The success of transfer quarterbacks can make or break a college football program. But how do teams crank up their new signal callers?
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Southern California lost a transfer quarterback to Ole Miss, who lost a quarterback to Central Florida, who in turn lost a quarterback to Oklahoma.
Oklahoma won that quarterback from UCF and another from Pittsburgh, but saw sophomore star Caleb Williams depart to USC and former starter Spencer Rattler to South Carolina. Pittsburgh lost a quarterback to the Sooners but gained another from USC.
Ohio State had a quarterback transfer to Texas, who had a quarterback transfer to Nebraska, who had a quarterback transfer to Kansas State.
Texas A&M lost a quarterback to Auburn but gained another from LSU, which recruited a possible starter from Arizona State, who then pulled in a transfer from Florida.
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Factors such as the one-time transfer rule, the blanket additional playing eligibility granted by the coronavirus pandemic, and rule changes involving name, image and likeness have resulted in a dizzying game of musical chairs among Quarterbacks in the Football Bowl Subdivision, which is reflected on the depth charts outside the Season impacts competitions and the race for the college football playoffs.
“It certainly changed the approach to quarterback position,” said Utah coach Kyle Whittingham. “You can’t worry about it. You can’t complain about it or get a tummy ache about it because it’s here to stay. You have to find a way to make the most of it and solidify your own individual situation. That often comes through the portal.”
While each position has seen similar upheaval, at this crucial juncture, the programs have devoted the most intelligence and resources to evaluating, recruiting, and ultimately preparing transfer quarterbacks in the shortened window of time between the end of one season and the start of another.
“I think you can force-feed these guys a lot because they want a lot so they can try to master all the pieces while putting the whole package together,” said Kansas State coach Chris Klieman.
The decision to enter the portal is a dice roll for almost every player. By deciding to explore his options, a transfer may not be able to return to his original school if that program and its coaching staff have already decided to move on and pursue his successor. For example, with far more transfers on the portal than Power Five scholarships available, a player may be caught in scholarship purgatory and unable to return to their previous school or transfer to the school or schools of their choice.
Risk is less pronounced with quarterbacks because of the ease of supply and demand. Established starters have a premium. The same is true for development prospects with a high cap but no track record in production.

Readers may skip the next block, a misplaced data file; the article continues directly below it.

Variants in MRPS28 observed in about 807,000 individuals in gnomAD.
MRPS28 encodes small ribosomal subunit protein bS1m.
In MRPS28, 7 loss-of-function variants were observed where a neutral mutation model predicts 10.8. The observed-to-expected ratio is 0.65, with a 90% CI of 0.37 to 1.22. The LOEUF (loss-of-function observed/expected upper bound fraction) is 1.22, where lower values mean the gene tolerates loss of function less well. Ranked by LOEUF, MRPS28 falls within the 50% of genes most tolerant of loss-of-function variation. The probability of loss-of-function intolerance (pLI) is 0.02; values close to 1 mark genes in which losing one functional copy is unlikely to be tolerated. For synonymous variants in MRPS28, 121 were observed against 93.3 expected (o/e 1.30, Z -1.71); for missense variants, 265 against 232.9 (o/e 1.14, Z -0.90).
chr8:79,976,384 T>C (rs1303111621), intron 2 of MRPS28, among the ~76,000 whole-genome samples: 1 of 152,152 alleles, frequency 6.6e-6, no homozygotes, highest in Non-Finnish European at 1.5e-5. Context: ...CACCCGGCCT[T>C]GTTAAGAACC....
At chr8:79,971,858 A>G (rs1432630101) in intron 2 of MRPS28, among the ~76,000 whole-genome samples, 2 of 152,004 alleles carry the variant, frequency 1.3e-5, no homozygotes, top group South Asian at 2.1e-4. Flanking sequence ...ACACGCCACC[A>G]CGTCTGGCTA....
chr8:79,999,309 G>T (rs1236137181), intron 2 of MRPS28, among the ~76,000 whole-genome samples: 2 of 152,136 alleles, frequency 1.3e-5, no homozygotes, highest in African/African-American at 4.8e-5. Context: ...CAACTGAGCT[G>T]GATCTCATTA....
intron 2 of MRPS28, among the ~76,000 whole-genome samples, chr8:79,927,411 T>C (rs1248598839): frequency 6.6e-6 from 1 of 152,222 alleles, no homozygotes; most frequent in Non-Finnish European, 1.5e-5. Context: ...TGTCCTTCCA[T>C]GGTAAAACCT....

The most common type of quarterback transfer has multiple seasons remaining, transitions from a backup role to gametime pursuit, and likely won’t make much of a difference in its first year with its new program. At the other end of the spectrum are the coveted plug-and-play veterans who can jump right into an entry-level job.
Experienced transfers are “just so much further,” said Penn State coach James Franklin. “Most of them obviously played a lot at this level. They understand whether it’s collegiate offense or defense. You have a better understanding of the work ethic needed at this level. And then usually most of them, especially if it’s a grad change or something, they have a sense of urgency.”
But with so little room for error and limited scholarship room, the coaches delve deep into the most prolific quarterbacks in the transfer market, going back to his high school experience for insights not visible on the miles of available game tape.
“There’s a lot of background that needs to be done,” said Western Kentucky coach Tyson Helton. “You need to talk to as many people as possible. Because every coach you can talk to, every person involved in this high school or this program or this university, and they’re like, ‘OK, tell me about this guy. ‘ You were really just trying to find cracks in the armor. We’ll find out pretty quickly.”
In some cases, coaches gravitate toward quarterback transfers they recruited years earlier as traditional prospects, drawing on a built-in level of comfort and familiarity that cannot be developed on Zoom calls or official visits. In far rarer scenarios, the head coach has a personal connection with the former transfer head coach and gets a reliable account of that quarterback’s strengths and weaknesses — such as with new Kansas State quarterback Adrian Martinez, thanks to Klieman’s relationships with Nebraska coach Scott Frost and former Nebraska quarterbacks coach Mario Verduzco.